If you browse the web and read news pieces, magazine articles or blog posts on a regular basis, chances are you have come across lots of different opinions about vitamins and supplements.
It can be very confusing, especially if you are just introducing yourself to a healthier lifestyle and you’re considering adding supplements to your diet.
Where do you begin?
First of all, before you begin any diet or exercise program, (yes that includes supplements, too) consult with your doctor. Then, do a little research. Have you identified places your diet may have nutritional “holes?” Remember, dietary supplements are not intended to replace food. They are also not intended to diagnose, treat or prevent any disease.
A good place to start is a multivitamin. Think of multivitamins as the basis for your supplement routine.
Ordinarily, multivitamins aim to help provide the essential vitamins and minerals needed in a single daily serving.
Multivitamins typically come in different formulations for varying nutritional needs based on gender and age. For instance, there are senior-specific multis that take into consideration the concerns of people over the age of 50. Senior-specific multis may focus on heart-healthy vitamins and minerals.* There are also more specialized formulations for senior men or senior women, which take into account the nutritional needs of these very specific groups. There are prenatal vitamins aimed at women who are pregnant or considering becoming pregnant. There are even great-tasting multivitamins designed to help children meet their daily nutritional needs as well.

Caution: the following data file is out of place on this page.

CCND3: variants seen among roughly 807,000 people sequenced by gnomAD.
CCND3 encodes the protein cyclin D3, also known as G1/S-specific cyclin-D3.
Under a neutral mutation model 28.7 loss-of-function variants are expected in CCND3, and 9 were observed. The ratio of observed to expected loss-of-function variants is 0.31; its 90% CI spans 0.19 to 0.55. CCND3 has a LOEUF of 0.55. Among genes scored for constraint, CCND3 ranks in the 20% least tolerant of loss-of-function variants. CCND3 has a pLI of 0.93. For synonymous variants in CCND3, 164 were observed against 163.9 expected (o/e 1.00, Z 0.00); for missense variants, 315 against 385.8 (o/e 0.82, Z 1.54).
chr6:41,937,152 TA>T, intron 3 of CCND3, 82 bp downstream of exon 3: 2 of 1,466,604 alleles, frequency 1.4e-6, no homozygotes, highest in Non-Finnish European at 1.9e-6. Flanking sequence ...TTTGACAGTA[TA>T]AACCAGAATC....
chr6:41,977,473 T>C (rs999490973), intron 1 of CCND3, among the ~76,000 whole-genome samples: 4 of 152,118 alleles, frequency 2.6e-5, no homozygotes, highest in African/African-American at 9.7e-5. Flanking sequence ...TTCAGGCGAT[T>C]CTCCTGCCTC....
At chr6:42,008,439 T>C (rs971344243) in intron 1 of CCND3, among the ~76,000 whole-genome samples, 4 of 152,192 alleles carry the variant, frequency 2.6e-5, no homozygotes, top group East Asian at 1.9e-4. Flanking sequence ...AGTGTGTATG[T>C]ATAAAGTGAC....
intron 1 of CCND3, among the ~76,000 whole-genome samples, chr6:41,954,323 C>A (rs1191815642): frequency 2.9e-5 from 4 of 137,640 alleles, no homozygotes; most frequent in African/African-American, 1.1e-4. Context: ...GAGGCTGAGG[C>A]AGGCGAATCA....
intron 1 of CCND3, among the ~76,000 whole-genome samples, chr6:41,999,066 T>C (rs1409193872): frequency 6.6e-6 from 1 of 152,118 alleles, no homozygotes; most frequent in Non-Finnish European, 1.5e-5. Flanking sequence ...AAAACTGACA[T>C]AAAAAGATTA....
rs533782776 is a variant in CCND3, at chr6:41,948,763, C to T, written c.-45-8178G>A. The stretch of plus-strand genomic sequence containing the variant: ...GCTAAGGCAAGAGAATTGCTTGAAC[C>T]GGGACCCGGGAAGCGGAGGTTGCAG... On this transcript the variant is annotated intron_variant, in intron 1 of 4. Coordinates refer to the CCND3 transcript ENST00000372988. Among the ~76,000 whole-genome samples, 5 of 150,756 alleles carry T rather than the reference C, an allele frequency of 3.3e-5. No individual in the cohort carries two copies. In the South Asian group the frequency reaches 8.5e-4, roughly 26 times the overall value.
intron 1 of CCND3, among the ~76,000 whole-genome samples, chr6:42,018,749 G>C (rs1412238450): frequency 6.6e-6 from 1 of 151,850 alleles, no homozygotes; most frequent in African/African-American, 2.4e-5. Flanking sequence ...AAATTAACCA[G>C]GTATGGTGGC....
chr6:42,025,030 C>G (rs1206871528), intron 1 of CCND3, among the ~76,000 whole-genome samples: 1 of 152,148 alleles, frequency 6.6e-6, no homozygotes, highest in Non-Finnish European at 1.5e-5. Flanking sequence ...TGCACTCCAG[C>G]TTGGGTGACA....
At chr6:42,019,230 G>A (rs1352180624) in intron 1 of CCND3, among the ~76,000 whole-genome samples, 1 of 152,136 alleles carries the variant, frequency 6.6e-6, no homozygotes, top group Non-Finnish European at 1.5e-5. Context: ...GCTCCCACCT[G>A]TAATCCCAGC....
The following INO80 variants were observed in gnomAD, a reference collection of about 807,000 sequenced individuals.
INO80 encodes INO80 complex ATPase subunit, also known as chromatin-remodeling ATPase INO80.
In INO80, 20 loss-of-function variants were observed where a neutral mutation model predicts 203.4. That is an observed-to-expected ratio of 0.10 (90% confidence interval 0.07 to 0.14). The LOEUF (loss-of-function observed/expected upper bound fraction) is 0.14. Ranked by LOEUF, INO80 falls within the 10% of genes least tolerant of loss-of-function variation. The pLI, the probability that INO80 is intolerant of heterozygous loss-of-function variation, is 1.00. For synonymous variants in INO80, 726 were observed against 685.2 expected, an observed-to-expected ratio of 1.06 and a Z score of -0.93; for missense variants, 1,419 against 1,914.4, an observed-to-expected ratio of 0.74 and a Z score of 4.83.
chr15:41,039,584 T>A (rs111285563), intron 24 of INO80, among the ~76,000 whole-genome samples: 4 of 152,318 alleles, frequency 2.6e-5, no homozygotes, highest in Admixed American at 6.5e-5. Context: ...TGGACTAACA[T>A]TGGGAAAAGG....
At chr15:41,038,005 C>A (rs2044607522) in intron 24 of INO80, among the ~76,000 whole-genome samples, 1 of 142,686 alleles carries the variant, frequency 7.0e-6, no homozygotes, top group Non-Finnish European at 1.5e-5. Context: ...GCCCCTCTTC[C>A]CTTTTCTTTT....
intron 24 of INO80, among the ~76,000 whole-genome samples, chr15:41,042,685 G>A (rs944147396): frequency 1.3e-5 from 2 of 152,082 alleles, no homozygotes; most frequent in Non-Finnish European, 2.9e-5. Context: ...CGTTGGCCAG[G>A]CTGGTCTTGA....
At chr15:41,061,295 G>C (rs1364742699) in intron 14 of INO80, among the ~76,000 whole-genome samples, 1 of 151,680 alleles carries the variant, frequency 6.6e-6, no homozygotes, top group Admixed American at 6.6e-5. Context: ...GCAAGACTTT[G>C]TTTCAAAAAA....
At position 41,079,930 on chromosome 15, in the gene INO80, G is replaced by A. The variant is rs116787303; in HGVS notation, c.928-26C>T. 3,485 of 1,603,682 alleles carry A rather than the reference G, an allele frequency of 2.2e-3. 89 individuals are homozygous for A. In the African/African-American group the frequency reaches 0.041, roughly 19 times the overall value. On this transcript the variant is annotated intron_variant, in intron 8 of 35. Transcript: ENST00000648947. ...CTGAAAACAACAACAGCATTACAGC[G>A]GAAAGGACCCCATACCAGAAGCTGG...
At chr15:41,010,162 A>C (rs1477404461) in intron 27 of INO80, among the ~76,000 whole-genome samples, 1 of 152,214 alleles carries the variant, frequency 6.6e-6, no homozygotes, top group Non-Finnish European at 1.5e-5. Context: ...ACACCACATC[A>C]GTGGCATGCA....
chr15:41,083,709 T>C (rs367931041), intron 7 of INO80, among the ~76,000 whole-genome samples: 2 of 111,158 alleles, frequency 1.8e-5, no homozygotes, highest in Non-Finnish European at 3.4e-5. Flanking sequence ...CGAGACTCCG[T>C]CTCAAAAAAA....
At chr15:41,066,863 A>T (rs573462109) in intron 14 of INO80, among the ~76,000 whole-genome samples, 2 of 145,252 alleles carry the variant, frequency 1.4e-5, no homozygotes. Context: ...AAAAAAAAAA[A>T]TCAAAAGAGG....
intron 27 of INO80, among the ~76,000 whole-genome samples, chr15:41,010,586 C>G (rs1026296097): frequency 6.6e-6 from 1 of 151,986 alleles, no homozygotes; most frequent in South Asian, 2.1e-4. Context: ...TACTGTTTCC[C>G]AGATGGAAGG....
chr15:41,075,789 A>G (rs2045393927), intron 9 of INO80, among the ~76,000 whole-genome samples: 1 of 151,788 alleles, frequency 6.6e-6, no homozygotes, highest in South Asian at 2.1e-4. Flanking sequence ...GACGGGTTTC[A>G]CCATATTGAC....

You’ve probably heard of this formula on numerous occasions, but you may have no idea what it is or what it does. Co Q-10 is short for Coenzyme Q-10. This supplement is best known for helping to support a healthy cardiovascular system.* Co Q-10 naturally appears in almost every cell in the body and our Co Q-10 levels may decrease with age.*
Co Q-10 helps our bodies convert food to energy and may also be important to nervous system health.*
In addition, individuals who take statin medications may have lower Co Q-10 levels. Keep in mind that Co Q-10 is not intended to serve as a replacement for Statin therapy, nor should you discontinue taking any prescribed medications while supplementing with Coenzyme Q-10. And, Co Q-10 supports good oral health.* Did you know that good oral health is linked to cardiovascular (heart) health? Co Q-10 supports both!* There are many different formulations and supplements that provide Co Q-10. Some of these formulations include other herbs, minerals and vitamins to help support antioxidant health.* Coenzyme Q-10 is available in an advanced form called Ubiquinol. Ubiquinol is a naturally occurring, fat-soluble antioxidant. Ubiquinol helps to fight cell-damaging free radicals, and plays a role in helping the body convert food to energy.* It also supports cardiovascular health and wellness promoting healthy circulation through myocardial tissue.*